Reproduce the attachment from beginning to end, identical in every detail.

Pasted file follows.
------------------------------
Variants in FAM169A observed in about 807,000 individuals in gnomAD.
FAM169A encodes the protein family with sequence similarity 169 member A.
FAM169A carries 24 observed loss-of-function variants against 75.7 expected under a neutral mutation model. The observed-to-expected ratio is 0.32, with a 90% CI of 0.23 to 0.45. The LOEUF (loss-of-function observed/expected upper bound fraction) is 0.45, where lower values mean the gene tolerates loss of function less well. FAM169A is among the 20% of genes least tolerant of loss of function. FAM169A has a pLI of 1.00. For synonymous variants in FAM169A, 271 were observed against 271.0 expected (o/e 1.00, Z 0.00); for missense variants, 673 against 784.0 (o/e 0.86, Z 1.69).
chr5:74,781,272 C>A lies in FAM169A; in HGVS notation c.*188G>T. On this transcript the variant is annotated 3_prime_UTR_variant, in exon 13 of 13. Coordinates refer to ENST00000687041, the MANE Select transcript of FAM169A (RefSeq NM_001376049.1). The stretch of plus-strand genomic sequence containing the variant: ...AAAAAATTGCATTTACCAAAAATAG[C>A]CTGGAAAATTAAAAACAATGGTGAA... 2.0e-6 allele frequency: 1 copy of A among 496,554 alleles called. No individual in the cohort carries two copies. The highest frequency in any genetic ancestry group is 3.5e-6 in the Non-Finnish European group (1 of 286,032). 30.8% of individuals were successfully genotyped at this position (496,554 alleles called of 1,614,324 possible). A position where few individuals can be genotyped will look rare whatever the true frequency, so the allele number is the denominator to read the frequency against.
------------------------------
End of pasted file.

Variants in FAM169A observed in about 807,000 individuals in gnomAD.
FAM169A encodes the protein family with sequence similarity 169 member A.
FAM169A carries 24 observed loss-of-function variants against 75.7 expected under a neutral mutation model. The observed-to-expected ratio is 0.32, with a 90% CI of 0.23 to 0.45. The LOEUF (loss-of-function observed/expected upper bound fraction) is 0.45, where lower values mean the gene tolerates loss of function less well. FAM169A is among the 20% of genes least tolerant of loss of function. FAM169A has a pLI of 1.00. For synonymous variants in FAM169A, 271 were observed against 271.0 expected (o/e 1.00, Z 0.00); for missense variants, 673 against 784.0 (o/e 0.86, Z 1.69).
chr5:74,781,272 C>A lies in FAM169A; in HGVS notation c.*188G>T. On this transcript the variant is annotated 3_prime_UTR_variant, in exon 13 of 13. Coordinates refer to ENST00000687041, the MANE Select transcript of FAM169A (RefSeq NM_001376049.1). The stretch of plus-strand genomic sequence containing the variant: ...AAAAAATTGCATTTACCAAAAATAG[C>A]CTGGAAAATTAAAAACAATGGTGAA... 2.0e-6 allele frequency: 1 copy of A among 496,554 alleles called. No individual in the cohort carries two copies. The highest frequency in any genetic ancestry group is 3.5e-6 in the Non-Finnish European group (1 of 286,032). 30.8% of individuals were successfully genotyped at this position (496,554 alleles called of 1,614,324 possible). A position where few individuals can be genotyped will look rare whatever the true frequency, so the allele number is the denominator to read the frequency against.